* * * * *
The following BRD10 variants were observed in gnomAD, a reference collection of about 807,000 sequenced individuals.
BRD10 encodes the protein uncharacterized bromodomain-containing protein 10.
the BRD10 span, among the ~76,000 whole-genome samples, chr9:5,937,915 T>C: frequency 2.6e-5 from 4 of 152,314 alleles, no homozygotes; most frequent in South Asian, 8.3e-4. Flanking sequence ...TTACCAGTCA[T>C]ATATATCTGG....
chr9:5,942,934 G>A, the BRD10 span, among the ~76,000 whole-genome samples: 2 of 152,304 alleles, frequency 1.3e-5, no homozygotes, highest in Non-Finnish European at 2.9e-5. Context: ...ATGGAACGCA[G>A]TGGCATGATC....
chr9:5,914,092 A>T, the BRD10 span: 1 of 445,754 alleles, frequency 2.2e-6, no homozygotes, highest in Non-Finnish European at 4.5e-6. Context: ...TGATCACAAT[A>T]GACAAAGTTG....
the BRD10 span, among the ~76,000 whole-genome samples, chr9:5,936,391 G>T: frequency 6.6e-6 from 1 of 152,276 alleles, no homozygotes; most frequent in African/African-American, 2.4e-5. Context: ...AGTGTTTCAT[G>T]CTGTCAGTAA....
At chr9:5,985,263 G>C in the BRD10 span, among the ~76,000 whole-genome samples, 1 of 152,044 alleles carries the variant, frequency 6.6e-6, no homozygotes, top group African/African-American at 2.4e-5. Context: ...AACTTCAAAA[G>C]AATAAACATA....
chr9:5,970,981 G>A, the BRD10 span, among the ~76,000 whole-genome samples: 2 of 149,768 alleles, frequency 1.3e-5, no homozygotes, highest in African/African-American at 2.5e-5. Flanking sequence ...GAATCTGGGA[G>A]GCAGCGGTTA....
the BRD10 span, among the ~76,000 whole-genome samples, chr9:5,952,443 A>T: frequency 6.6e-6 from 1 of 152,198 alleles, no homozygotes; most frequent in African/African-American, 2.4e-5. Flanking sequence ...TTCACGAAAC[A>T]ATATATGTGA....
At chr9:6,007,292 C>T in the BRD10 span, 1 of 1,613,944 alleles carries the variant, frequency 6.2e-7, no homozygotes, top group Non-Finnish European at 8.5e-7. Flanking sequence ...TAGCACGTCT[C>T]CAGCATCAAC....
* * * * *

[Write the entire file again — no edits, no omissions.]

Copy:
The following BRD10 variants were observed in gnomAD, a reference collection of about 807,000 sequenced individuals.
BRD10 encodes the protein uncharacterized bromodomain-containing protein 10.
the BRD10 span, among the ~76,000 whole-genome samples, chr9:5,937,915 T>C: frequency 2.6e-5 from 4 of 152,314 alleles, no homozygotes; most frequent in South Asian, 8.3e-4. Flanking sequence ...TTACCAGTCA[T>C]ATATATCTGG....
chr9:5,942,934 G>A, the BRD10 span, among the ~76,000 whole-genome samples: 2 of 152,304 alleles, frequency 1.3e-5, no homozygotes, highest in Non-Finnish European at 2.9e-5. Context: ...ATGGAACGCA[G>A]TGGCATGATC....
chr9:5,914,092 A>T, the BRD10 span: 1 of 445,754 alleles, frequency 2.2e-6, no homozygotes, highest in Non-Finnish European at 4.5e-6. Context: ...TGATCACAAT[A>T]GACAAAGTTG....
the BRD10 span, among the ~76,000 whole-genome samples, chr9:5,936,391 G>T: frequency 6.6e-6 from 1 of 152,276 alleles, no homozygotes; most frequent in African/African-American, 2.4e-5. Context: ...AGTGTTTCAT[G>T]CTGTCAGTAA....
At chr9:5,985,263 G>C in the BRD10 span, among the ~76,000 whole-genome samples, 1 of 152,044 alleles carries the variant, frequency 6.6e-6, no homozygotes, top group African/African-American at 2.4e-5. Context: ...AACTTCAAAA[G>C]AATAAACATA....
chr9:5,970,981 G>A, the BRD10 span, among the ~76,000 whole-genome samples: 2 of 149,768 alleles, frequency 1.3e-5, no homozygotes, highest in African/African-American at 2.5e-5. Flanking sequence ...GAATCTGGGA[G>A]GCAGCGGTTA....
the BRD10 span, among the ~76,000 whole-genome samples, chr9:5,952,443 A>T: frequency 6.6e-6 from 1 of 152,198 alleles, no homozygotes; most frequent in African/African-American, 2.4e-5. Flanking sequence ...TTCACGAAAC[A>T]ATATATGTGA....
At chr9:6,007,292 C>T in the BRD10 span, 1 of 1,613,944 alleles carries the variant, frequency 6.2e-7, no homozygotes, top group Non-Finnish European at 8.5e-7. Flanking sequence ...TAGCACGTCT[C>T]CAGCATCAAC....